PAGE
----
Answer: before you need one.
Because making a sound decision is difficult when you are faced with a car problem and time restraints, finding a shop takes time and patience; you want to research and evaluate the facts in a relaxed fashion. Emergencies create an emotional climate that thwarts a clear and objective evaluation. So find a repair facility before you need one.
The Prime Time To Visit A Shop
The process of evaluating repair shops is really quite simple. Call or visit shops in your area. The best time to call or visit is between 9A – noon because it is after the morning rush and cars are in the bays being evaluated. By noon the techs have completed their diagnoses, come up with an estimate of repairs, and customers are being called to discuss the necessary repair work. Thus, 9A – noon is lag time for the owner/shop manager and the best time to talk with them. Catch them any other time and you might find them curt.
Once you have the owner/shop manager's undivided attention, tell them you are looking for a repair shop. Ask them what professional automotive repair associations they belong to. Membership in associations such as AAA (AAA Approved Auto Repair), iATN (International Auto Technicians Association), ASA (Automotive Service Association), or TechNet (Carquest Technician's Network) means the shop and/or technicians care about their level of expertise and have met the standards of membership. In addition, look for membership in such associations as the BBB (Better Business Bureau), SAE (Society of Automotive Engineers), ASP (Automotive Service Professionals), and ICAR (Inter-Industry Conference on Auto Collision Repair).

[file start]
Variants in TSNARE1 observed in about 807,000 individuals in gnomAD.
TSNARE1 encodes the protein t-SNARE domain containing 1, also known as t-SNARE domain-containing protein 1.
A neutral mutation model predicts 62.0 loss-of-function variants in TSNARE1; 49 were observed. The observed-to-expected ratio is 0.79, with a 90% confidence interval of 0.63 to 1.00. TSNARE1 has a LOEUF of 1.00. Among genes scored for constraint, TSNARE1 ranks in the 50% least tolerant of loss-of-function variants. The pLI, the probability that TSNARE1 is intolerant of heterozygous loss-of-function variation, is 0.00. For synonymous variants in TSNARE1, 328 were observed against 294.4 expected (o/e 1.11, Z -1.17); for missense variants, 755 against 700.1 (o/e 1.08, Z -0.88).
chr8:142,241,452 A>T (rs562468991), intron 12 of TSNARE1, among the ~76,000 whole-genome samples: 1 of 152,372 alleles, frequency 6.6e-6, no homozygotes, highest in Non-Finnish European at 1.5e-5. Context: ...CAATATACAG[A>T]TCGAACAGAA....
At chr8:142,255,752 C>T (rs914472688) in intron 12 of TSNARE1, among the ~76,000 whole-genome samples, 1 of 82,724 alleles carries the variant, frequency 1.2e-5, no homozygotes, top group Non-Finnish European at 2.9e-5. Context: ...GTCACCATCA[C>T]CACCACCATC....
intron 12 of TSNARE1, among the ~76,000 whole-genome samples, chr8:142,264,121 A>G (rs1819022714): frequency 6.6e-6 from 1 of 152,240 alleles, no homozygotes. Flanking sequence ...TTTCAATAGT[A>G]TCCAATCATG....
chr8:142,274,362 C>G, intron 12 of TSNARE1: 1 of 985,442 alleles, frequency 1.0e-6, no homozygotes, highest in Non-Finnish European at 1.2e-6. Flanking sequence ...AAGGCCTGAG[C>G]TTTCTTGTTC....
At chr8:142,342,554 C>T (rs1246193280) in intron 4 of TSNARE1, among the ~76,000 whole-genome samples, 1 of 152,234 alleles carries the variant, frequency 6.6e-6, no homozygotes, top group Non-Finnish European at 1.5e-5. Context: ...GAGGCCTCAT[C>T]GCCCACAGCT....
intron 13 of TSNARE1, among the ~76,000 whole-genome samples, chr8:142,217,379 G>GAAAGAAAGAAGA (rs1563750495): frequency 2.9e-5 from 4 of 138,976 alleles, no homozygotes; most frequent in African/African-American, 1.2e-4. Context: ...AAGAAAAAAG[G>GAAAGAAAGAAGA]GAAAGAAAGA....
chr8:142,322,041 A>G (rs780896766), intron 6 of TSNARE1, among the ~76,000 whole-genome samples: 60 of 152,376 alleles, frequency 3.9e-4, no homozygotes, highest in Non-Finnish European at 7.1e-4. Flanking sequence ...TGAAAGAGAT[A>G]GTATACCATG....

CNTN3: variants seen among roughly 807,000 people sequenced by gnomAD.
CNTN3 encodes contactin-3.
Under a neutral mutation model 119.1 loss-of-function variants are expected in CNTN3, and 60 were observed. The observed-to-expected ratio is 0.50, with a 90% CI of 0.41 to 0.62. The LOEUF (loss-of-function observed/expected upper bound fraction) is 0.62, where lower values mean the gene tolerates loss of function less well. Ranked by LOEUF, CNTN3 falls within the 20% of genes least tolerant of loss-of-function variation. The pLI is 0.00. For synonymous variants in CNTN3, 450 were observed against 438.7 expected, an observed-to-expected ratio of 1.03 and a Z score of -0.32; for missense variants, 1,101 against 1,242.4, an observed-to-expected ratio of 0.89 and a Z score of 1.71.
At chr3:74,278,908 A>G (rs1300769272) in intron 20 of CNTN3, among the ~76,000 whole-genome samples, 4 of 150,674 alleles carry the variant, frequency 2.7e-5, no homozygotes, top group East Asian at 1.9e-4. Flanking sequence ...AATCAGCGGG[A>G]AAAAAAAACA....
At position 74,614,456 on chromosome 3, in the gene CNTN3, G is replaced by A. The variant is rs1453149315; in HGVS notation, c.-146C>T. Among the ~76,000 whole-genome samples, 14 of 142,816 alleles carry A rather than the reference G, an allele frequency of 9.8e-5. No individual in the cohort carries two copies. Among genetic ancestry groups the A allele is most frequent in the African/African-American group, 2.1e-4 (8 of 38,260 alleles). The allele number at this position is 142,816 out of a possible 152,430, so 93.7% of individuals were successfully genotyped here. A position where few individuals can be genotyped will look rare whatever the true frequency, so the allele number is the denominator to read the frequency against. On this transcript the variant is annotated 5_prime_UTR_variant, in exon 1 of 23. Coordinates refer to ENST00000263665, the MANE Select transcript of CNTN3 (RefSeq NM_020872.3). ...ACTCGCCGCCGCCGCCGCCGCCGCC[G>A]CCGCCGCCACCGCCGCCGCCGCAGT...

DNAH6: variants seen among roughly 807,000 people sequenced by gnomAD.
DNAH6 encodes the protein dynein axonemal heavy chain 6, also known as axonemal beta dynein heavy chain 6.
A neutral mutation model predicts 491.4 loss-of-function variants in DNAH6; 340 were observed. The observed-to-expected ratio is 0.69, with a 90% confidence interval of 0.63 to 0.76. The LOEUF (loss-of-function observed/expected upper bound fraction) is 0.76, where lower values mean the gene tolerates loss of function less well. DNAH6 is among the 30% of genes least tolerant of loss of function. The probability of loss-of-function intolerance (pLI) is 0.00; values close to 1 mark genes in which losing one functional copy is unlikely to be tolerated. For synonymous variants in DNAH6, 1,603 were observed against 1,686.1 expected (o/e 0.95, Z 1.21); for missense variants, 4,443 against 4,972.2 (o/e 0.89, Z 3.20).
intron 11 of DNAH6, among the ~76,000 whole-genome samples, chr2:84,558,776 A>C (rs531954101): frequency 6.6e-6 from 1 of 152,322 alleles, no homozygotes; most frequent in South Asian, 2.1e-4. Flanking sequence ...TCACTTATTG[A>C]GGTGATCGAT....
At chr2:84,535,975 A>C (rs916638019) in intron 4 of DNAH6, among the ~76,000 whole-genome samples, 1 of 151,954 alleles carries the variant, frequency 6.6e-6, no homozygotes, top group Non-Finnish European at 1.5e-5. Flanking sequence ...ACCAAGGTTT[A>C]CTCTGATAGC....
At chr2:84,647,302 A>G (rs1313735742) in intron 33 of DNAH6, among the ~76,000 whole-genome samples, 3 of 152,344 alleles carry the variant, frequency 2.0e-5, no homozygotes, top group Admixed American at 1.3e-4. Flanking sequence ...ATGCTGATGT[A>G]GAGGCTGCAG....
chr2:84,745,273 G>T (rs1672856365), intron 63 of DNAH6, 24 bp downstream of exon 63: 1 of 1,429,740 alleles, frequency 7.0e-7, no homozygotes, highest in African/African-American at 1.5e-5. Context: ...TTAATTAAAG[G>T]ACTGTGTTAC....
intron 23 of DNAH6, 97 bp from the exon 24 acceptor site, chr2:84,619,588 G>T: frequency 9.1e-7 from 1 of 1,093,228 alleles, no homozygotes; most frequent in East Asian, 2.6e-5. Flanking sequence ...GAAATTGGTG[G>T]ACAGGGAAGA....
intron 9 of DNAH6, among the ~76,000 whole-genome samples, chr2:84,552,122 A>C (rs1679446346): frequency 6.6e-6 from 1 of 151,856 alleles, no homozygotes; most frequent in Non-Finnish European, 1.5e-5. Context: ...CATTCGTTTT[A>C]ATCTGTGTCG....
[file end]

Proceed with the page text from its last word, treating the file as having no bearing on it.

Involvement in these organizations tells you that the owner of the repair facility is interested in the quality of the workmanship, and most likely operates by a code of ethics expected by the organization. In addition, membership in these associations often requires that the shop subject itself to an arbitration process that is binding, should the need for arbitration between customer and shop arise.
To further make this point, consider the following: To become an "AAA Approved Auto Repair Facility," a shop must undergo a rigorous investigation. In addition to having state-of-the-art equipment, training, qualified technicians, and information systems in place, the shop must score high with its customers. AAA contacts roughly 100 of the shop's most recent customers and conducts a CSI (Consumer Satisfaction Index) study (the number varies from club to club but it represents a significant number of the shop's most recent customer base). They ask the customers questions such as:
- Was the estimated bill the same or close to the actual bill?
- Was the job done on time?
- Did they fix it right the first time?
- What kind of warranty did they give you?
- Was the shop clean and presentable?
- Did they offer a ride to work or somewhere you needed to go?
- Was there a comfortable, pleasant, and clean waiting area?
If the repair facility meets their standards, it is granted membership and they can hang the "AAA Approved" shingle. As you can see, membership in such an associations is a significant qualifier when evaluating a facility.
Use Your Time Wisely
While visiting the shop(s) you're interested in, note whether they are clean and orderly (or do they look like they ought to be condemned by the health department).
If there are customers there, be bold and ask them questions, such as, "Why do you do business with this shop?"